The earliest description of what is now known as the acute respiratory distress syndrome (ARDS) was a highly lethal double pneumonia. Ashbaugh and colleagues correctly identified the disease as ARDS in a paper published in the Lancet in 1967. Their initial study, showing the positive impact of mechanical ventilation with positive end-expiratory pressure (PEEP) on ARDS mortality, was dampened when it was discovered that improperly used mechanical ventilation can cause a secondary ventilator induced lung injury (VILI), greatly exacerbating ARDS mortality. This Synthesis paper will review the pathophysiology of ARDS and VILI from a mechanical stress-strain perspective. Although inflammation is also an important component of VILI pathology, it is secondary to the mechanical damage caused by excessive strain. The mechanical breath will be deconstructed and the role of the parameters that comprise the breath - airway pressure, flows, volumes and the duration during each breath that they are applied - on lung injury and protection will be discussed. Specifically, the impact of mechanical breath parameters on the development of excessive fluid flux and pulmonary edema, which are a hallmark of ARDS pathology, will be reviewed. Using our knowledge of how parameters in the mechanical breath impact lung physiology, the optimal combination of pressures, volumes, flows and durations that should offer maximum lung protection, will be postulated.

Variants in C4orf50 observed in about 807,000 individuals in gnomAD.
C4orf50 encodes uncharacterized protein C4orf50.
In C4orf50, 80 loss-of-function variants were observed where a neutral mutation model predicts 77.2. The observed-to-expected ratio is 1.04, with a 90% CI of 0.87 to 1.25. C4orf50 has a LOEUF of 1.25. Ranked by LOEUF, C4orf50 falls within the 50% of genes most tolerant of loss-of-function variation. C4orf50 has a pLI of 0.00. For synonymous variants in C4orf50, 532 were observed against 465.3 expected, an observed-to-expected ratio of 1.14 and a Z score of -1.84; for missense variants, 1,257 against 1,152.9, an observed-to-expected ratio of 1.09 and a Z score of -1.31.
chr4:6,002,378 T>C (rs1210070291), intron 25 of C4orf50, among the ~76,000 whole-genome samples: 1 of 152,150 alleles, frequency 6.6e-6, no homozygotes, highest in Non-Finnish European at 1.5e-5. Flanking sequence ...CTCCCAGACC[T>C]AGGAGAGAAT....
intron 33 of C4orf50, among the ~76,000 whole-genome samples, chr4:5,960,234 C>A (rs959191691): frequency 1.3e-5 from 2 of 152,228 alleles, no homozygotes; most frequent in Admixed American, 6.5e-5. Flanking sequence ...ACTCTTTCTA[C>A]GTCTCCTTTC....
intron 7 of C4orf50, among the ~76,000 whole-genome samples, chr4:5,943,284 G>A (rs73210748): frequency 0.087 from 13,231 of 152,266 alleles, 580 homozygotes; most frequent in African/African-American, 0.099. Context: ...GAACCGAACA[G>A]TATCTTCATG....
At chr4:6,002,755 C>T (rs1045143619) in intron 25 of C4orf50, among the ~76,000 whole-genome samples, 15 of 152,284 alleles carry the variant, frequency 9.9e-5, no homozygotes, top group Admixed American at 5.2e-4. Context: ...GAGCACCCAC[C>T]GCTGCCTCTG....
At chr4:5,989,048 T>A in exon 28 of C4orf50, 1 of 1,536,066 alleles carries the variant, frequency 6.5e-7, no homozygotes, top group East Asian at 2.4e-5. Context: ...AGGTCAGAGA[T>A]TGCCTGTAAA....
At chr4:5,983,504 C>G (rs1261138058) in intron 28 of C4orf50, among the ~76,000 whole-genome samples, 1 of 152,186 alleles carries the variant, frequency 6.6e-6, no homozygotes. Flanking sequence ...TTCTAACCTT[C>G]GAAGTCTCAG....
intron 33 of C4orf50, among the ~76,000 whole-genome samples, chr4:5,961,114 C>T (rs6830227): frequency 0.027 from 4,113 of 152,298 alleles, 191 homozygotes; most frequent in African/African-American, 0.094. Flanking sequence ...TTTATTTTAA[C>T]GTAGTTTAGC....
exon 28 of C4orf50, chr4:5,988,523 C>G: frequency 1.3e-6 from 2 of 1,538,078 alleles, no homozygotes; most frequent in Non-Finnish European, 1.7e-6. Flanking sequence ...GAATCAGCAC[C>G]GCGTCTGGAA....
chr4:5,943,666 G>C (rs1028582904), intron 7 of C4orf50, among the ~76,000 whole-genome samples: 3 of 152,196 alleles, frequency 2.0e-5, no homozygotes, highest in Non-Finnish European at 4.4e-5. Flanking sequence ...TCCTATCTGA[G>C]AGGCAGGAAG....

- Acute Lung Injury
- Copyright © 2015, Journal of Applied Physiology